The past hundred years or so has been a large human project of identifying and putting things in their place. People belong here, nature belongs there. This is a child thing; that is an adult thing. This is urban; that is rural. This is a religious thing; that is a secular thing. This is a Lutheran way of doings things; that is not. These are our allies; they are the enemy. This practise made things seemingly so neat and tidy.

But maybe you’ve noticed that the distinctions aren’t so clear anymore. Urban farming is being explored. People are working from home offices. Children are being home schooled. Nobody seems to care about the distinctions between Christian denominations, or even religions, anymore – “I’m spiritual, not religious.” Who our allies are and who our enemies are is a constantly shifting landscape.

Jesus avoided the righteous and ate with sinners. He questioned why healing should not happen on the Sabbath. He preached that, to find our lives, we must be prepared to lose them; that we must love our enemies and bless those who curse us.

Does technology belong in worship? Do non-Christian teachings and practices belong in our life together? Does theological conversation belong in a bar over a beer? Does faith belong in politics or economics?

Does a bird belong in the Church?

Contact Us

Email
Rev. Brian Wilker Frey  pastor@stansgar.ca

Pamela Kormano – Intern intern@stansgar.ca

Anna McRae – Office adminstrator admin@stansgar.ca

Website editor webmaster@stansgar.ca

Address
St. Ansgar Lutheran Church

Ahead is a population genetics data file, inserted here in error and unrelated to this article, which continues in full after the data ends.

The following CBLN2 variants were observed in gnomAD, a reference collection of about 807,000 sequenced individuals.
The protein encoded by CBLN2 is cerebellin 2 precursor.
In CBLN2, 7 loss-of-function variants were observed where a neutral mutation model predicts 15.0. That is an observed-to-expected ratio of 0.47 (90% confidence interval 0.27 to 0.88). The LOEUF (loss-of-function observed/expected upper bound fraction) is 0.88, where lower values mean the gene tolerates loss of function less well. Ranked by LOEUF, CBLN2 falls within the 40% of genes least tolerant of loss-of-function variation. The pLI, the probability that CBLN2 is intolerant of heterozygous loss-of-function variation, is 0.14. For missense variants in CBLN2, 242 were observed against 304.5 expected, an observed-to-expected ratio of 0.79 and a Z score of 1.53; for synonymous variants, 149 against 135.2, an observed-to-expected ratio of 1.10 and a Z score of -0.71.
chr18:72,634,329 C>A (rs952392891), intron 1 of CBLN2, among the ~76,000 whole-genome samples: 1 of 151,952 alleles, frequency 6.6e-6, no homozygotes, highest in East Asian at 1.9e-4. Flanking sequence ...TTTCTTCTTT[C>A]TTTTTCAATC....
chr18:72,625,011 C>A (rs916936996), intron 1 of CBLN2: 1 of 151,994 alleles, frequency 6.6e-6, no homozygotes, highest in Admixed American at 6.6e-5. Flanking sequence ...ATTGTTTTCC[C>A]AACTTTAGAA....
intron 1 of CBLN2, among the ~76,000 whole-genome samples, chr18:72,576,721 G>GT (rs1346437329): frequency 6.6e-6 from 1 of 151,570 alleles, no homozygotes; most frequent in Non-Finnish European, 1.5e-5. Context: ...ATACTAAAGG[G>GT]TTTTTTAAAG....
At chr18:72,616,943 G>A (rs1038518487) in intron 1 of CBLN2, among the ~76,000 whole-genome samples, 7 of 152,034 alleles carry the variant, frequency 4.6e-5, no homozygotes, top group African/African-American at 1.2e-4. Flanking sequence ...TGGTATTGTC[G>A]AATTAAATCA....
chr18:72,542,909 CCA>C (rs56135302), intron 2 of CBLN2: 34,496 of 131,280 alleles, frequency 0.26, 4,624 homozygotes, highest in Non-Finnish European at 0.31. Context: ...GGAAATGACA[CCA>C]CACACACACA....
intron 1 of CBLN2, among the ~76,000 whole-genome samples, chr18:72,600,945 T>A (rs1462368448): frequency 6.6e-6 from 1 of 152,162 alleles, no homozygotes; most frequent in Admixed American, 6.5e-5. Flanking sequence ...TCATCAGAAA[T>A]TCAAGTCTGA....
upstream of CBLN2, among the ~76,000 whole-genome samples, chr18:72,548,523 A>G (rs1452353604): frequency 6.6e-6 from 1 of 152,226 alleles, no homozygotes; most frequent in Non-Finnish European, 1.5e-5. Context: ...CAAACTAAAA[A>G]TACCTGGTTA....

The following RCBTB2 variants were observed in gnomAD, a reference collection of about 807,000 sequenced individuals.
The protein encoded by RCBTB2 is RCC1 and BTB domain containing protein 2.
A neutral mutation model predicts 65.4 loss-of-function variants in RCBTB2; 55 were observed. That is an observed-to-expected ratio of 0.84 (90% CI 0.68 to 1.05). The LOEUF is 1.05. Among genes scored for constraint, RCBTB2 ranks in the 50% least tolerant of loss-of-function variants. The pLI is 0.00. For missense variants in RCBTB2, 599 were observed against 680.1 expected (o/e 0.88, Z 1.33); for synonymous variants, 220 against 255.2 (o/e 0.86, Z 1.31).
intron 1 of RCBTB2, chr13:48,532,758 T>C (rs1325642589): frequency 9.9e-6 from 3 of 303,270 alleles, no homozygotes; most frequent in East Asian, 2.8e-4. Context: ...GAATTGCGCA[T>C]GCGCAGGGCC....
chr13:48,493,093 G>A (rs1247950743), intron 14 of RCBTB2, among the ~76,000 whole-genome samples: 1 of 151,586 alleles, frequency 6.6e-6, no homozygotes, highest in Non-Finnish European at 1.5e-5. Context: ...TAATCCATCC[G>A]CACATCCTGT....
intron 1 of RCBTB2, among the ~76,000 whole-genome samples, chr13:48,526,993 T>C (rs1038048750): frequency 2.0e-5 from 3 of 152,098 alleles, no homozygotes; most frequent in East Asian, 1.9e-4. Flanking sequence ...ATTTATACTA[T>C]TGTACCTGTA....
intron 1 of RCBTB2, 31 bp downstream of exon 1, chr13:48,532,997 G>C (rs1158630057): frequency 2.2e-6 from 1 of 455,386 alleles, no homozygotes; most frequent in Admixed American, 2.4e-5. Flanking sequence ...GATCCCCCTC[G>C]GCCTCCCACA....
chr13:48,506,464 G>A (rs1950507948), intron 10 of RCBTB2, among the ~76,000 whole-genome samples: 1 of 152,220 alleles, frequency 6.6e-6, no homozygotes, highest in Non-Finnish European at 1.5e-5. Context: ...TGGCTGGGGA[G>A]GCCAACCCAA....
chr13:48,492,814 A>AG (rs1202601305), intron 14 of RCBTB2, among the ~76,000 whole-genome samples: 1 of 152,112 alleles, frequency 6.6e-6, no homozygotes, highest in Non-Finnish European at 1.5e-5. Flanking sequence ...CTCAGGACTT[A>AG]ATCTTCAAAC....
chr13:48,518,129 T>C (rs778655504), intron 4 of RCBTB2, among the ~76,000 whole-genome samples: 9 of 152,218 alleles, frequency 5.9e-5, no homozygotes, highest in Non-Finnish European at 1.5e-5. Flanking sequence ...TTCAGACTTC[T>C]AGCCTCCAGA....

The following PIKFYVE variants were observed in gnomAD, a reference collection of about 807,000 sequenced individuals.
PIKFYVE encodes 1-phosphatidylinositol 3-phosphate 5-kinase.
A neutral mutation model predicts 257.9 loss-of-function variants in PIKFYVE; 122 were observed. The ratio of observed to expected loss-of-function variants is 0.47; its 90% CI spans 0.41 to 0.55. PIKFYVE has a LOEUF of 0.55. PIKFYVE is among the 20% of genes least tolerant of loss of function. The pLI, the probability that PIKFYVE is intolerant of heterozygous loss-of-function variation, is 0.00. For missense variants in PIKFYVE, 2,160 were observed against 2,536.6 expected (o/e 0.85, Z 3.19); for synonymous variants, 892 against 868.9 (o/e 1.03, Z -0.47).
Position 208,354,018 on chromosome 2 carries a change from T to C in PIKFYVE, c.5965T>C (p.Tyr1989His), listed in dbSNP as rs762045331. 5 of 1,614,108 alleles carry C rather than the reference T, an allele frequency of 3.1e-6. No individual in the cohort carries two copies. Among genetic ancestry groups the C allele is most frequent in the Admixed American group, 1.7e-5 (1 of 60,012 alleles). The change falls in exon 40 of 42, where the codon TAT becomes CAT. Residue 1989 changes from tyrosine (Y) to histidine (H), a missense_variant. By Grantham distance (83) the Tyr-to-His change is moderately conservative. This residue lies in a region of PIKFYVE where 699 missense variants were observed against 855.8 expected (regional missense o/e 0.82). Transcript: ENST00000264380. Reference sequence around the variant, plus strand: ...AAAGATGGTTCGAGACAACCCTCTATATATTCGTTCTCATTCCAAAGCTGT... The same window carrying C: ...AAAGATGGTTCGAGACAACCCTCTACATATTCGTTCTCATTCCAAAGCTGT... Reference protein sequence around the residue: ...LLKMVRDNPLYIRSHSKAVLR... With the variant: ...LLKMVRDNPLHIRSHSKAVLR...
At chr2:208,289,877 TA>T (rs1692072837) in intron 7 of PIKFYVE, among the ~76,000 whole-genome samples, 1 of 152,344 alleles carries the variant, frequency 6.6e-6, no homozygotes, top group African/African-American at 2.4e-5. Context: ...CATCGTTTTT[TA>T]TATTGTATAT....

1498 Avenue Road
Toronto,  Ontario  M5N 2J1

Phone 416-783-3570
Fax 416-783-1751

Canadian Lutheran World Relief – CLWR

Canadian Lutheran World Relief is the international development and service vehicle for Lutherans in Canada.  It is a shared ministry of the Evangelical Lutheran Church in Canada (ELCIC) and Lutheran Church – Canada (LCC).  A full description of their work can be found on their website at: www.clwr.org.

Voices For A Just Society

Voices is “a growing community of faith-based groups in North Toronto working together for a just society by strengthening and supporting relationships within our community; learning and sharing to increase our knowledge of issues; speaking with one voice; and acting together to address injustice.”  Call the office to find out about times, locations, and events of this inter-denominational group.

The Olive Branch for Children – Tanzania

The Olive Branch for Children was founded in 2005 by Deborah McCracken and registered in Canada in 2006 and Tanzania in 2008. The main objective of the Olive Branch for Children is to help remote communities in Tanzania assess their primary needs and establish programs that target the most vulnerable.

St. Ansgar Toronto supports this ministry by sponsoring the education of various children and promoting the ministry in the congregation and community.  Some members of St. Ansgar have travelled to Tanzania to offer their skills and talents to the Olive Branch Community.

Please check out their web site and support them as you are able.

Pastor’s Message – April 2012